Friday, November 06, 2009


HIPRF stands for Herbicides, Insecticides, Pesticides, Rodenticides and Fungicides. These are chemicals that are used to deal with weeds, insects, spiders, slugs, mice and fungus. They are used in all sorts of places, particularly outside, on lawns, pathways and driveways.

You do not know how often you are picking up these chemicals on your shoes. If you wear shoes in your house, you are introducing them onto your floor and into the dust that you breath. HIPRFs are toxins that are designed to kill lifeforms. Hence they can present health risks, particularly to children.


Tiger/Moderate Mouse said...

I'm sure it'd be great if shoes (at least ones worn outdoors anyway) were the only item one would have to worry about tracking dangerous stuff like HIPRF into the house, but I'm afraid that they aren't.

1. For example, when I was in college (up until this past December), there were some people, including myself who used the style of backpack that came with wheels (as opposed to the traditional carry-on-the-back only kind) and was designed to roll behind oneself. (There are even some designed for children of grade school age. The purpose is to reduce the risk of back problems on the user.) If you're worried about what shoes are tracking in, you probably wouldn't even want to know where the wheels of my backpack have been either.

2. There are some people, including myself, who have used SUITCASES with wheels when traveling. Again, you wouldn't want to know where said wheels had been anymmore than where my shoes had been.

Now, I'm not saying that in order for the shoes off thing to work that we would all need to return to ONLY using backpacks and suitcases designed to be carried well off the ground. However, I wonder if, in order to maintain consistency in keeping dirt, toxins, etc. at bay that the wheels couldn't somehow be made to detach from the bag/suitcase in question so that the WHEELS can be left at the door and the main part of the bag/suitcase is carried to the bedroom (or wherever it's supposed to go).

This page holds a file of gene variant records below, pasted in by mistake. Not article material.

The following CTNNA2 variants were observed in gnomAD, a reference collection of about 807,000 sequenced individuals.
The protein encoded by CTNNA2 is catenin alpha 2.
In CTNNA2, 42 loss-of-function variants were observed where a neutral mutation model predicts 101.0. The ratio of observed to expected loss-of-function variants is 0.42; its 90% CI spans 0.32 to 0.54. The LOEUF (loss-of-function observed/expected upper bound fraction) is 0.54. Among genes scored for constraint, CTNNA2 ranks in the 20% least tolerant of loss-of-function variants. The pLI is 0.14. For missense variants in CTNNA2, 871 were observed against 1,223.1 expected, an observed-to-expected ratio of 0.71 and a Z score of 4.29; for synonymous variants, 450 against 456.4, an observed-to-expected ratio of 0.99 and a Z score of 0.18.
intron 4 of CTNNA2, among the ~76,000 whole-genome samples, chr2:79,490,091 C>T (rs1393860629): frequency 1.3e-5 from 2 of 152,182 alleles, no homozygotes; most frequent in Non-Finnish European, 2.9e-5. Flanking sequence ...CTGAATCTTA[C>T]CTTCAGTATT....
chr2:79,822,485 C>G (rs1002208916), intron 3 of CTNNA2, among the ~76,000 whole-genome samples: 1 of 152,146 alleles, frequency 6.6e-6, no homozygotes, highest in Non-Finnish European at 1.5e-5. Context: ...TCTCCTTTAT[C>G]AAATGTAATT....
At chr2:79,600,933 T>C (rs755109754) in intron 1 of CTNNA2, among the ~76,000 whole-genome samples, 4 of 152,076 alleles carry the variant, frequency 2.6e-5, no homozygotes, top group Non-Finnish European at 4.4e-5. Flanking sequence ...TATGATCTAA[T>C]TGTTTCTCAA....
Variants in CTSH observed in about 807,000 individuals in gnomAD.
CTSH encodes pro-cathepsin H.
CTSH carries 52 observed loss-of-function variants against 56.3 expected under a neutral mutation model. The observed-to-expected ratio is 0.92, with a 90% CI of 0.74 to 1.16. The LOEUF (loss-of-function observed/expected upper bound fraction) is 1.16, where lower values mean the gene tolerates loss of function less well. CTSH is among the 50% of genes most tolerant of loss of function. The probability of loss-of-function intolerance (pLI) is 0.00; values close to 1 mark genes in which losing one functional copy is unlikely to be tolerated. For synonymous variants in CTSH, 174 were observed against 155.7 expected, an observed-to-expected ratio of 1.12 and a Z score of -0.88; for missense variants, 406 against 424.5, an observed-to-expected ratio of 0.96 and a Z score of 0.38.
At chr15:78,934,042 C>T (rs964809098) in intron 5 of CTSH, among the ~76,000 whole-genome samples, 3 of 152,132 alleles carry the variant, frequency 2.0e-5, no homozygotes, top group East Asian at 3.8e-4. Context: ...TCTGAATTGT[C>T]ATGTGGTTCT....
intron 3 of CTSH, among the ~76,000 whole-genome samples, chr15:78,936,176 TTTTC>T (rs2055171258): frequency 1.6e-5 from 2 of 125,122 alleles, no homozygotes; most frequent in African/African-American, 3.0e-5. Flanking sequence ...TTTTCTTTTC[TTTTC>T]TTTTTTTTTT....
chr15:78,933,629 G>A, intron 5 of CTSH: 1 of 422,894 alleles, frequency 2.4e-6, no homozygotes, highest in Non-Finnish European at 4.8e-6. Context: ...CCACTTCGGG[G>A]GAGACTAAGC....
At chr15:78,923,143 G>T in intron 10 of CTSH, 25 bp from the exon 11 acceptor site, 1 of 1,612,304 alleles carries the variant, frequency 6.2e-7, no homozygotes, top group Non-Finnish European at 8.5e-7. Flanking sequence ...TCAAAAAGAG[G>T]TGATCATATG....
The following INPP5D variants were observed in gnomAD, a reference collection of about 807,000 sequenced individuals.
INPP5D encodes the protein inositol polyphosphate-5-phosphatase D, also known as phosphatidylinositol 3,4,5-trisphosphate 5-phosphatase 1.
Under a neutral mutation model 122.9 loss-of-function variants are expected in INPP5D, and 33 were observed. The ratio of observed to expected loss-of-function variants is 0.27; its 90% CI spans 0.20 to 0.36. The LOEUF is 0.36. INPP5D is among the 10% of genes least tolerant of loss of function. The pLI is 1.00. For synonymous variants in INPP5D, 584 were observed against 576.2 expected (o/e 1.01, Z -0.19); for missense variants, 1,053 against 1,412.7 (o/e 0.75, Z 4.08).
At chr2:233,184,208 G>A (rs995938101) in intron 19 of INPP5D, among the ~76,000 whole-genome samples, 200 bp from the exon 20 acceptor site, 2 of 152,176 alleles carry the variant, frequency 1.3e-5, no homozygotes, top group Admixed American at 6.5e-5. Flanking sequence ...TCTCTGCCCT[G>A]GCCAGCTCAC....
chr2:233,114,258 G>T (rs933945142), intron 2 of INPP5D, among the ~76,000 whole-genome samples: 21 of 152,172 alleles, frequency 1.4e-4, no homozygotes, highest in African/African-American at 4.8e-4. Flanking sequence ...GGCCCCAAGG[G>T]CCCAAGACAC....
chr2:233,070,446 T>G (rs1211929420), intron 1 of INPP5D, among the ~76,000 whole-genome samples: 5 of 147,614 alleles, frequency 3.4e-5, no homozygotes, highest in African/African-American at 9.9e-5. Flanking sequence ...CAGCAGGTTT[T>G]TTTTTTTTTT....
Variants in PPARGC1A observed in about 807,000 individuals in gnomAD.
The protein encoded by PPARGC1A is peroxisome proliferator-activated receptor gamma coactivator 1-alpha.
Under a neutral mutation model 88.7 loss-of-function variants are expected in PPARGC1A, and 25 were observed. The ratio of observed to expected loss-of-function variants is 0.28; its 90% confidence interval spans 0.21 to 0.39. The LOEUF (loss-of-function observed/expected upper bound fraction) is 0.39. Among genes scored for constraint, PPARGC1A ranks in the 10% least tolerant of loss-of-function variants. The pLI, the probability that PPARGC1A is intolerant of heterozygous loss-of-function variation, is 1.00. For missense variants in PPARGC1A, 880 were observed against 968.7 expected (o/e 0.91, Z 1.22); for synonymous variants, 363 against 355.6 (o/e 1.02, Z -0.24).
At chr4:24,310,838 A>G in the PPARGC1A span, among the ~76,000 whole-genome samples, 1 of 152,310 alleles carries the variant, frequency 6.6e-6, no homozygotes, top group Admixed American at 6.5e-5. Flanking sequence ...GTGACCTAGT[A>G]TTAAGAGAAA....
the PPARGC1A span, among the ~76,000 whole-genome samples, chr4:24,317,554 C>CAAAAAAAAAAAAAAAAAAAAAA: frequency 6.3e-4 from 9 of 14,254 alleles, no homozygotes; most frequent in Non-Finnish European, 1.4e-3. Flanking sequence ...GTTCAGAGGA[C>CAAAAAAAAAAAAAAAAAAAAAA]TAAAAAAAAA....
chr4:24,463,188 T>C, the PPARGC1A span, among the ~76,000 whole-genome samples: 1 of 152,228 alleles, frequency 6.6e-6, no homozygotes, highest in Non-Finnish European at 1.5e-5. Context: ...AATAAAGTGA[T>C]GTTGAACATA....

3. One of the most classic arguments against a "shoes-off" policy is the fact that dogs that go in and out can't exactly leave their paws at the door. If it hasn't happened already, I think maybe there should be a (non-toxic, I hope) paw sanitizer (which would work along similar lines as hand sanitizer) for pets or some sort of sanitizing mat. That way said pets (most likely dogs) wouldn't be tracking in "dangerous" stuff either.

4. For some people (not so much myself but for some peopole in my family) going shoeless indoors sometimes leads to walking outside that way (be it to check the mail, get the paper, etc.) and back in that way, which would not be a plus for a home where shoes are forbidden indoors in the name of cleanliness/sanitation. If one accidentally walked out in slippers or socks, then it'd be easy to take off said slippers/socks and leave them off until they have been washed/cleaned up. (By the way, do you or anybody reading this know whether or not it's okay to use ordinary disinfectant wipes on shoes and/or slippers that have a shoe-like sole?) But it sounds to me like anyone who walked outside BAREFOOT (whether or not one intended to) would basically be screwed. This will probably sound stranger than the paw sanitizer I just mentioned maybe someone could come out with a foot sanitizer (that, again, works along similar lines as hand sanitizer) or a sanitizing mat for those "walked out barefoot" situations.

Having said all that, if you really do want to know if I removed my shoes before I got here, I actually removed my shoes AND socks just before coming here this time.

Celestial Fundy said...

Hello Tiger.

It is probably a bad idea to keep a suitcase or bag with wheels on your carpet. Such things are best returned to the closet or wardrobe as quickly as possible.

I'd best leave the subject of pets to those who keep them. Some people wipe their pets paws.

As for going barefoot outside, I used to go out to the dustbin occasionally in my bare feet. I have not done that since moving to a small apartment block.

Personally I would not worry much about occasionally stepping onto the driveway or lawn barefoot (you know whether you have used weed killer on your own driveway). But going barefoot a lot outside would not seem consistent with having a shoes-off policy. I'll leave it to the Hawaiians to explain how they combine doing both.